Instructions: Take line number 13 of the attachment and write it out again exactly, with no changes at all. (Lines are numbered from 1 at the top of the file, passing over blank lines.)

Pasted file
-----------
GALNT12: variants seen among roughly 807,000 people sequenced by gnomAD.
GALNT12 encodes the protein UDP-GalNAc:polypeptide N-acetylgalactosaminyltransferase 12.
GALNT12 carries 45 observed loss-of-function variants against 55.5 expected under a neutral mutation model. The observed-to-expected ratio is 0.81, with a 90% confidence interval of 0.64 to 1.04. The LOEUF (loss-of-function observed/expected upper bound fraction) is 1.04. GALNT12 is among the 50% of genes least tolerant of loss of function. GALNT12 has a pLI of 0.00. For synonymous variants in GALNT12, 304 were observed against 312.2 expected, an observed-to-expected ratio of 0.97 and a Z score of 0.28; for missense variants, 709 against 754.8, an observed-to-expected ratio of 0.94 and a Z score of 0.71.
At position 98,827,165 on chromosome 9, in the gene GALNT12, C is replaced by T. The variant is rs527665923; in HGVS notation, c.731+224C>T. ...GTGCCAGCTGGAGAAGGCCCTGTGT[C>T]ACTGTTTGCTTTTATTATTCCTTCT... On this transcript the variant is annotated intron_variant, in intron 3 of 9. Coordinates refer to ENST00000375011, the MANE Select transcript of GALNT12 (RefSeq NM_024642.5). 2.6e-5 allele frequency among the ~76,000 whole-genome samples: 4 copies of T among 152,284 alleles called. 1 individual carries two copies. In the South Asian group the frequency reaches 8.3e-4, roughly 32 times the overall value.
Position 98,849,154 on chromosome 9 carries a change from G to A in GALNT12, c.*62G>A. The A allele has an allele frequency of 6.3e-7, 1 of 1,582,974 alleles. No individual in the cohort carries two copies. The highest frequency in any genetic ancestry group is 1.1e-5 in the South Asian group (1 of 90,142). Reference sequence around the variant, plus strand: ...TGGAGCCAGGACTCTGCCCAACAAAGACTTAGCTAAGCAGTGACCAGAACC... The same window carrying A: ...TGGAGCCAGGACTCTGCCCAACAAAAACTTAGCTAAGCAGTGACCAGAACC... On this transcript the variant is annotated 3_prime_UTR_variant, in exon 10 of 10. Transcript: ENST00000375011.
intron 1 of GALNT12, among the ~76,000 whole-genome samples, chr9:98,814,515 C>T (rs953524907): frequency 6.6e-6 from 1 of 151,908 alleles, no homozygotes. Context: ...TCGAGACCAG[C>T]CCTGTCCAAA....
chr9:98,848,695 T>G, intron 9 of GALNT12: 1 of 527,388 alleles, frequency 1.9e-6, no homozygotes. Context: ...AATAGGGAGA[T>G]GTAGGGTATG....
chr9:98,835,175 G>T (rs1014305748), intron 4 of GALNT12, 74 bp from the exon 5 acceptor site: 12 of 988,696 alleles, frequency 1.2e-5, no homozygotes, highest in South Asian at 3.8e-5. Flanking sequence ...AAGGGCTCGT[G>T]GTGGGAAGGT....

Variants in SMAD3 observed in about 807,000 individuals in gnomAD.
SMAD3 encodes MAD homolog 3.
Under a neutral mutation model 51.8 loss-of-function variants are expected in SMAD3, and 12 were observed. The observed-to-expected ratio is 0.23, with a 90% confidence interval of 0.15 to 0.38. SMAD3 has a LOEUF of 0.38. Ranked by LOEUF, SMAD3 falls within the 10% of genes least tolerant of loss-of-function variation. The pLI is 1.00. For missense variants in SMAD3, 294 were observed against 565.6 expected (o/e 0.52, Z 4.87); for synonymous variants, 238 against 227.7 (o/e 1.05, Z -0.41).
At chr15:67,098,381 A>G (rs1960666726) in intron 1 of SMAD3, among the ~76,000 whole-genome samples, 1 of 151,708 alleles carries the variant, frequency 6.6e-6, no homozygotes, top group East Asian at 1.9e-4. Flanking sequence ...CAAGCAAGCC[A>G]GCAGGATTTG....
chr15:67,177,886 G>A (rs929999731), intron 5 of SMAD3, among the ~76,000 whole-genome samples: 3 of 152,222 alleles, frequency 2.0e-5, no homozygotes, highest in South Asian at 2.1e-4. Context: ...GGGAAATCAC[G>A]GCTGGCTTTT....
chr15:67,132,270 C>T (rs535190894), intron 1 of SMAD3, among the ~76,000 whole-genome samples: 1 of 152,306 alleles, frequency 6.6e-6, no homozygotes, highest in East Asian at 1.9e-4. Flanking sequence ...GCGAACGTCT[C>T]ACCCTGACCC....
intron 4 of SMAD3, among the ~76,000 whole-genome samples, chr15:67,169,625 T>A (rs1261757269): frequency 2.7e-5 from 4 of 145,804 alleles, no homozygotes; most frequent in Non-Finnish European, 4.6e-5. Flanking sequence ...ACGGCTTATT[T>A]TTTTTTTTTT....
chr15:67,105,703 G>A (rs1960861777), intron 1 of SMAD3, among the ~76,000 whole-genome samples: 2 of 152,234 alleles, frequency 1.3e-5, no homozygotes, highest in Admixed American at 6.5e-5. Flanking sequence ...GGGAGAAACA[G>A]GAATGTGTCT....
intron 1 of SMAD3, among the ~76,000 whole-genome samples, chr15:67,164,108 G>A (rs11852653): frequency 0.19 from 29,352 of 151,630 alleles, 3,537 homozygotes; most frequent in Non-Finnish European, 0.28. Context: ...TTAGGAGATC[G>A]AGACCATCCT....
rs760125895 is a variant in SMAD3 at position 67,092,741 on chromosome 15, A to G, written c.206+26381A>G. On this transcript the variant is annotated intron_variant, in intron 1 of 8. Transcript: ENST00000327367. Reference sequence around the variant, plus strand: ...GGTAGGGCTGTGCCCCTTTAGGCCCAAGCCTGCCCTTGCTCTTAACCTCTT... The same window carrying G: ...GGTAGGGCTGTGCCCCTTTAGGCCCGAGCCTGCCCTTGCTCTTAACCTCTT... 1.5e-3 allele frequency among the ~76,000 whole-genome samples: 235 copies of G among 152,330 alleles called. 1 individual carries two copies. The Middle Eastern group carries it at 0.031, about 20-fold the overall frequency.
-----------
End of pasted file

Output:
chr15:67,177,886 G>A (rs929999731), intron 5 of SMAD3, among the ~76,000 whole-genome samples: 3 of 152,222 alleles, frequency 2.0e-5, no homozygotes, highest in South Asian at 2.1e-4. Context: ...GGGAAATCAC[G>A]GCTGGCTTTT....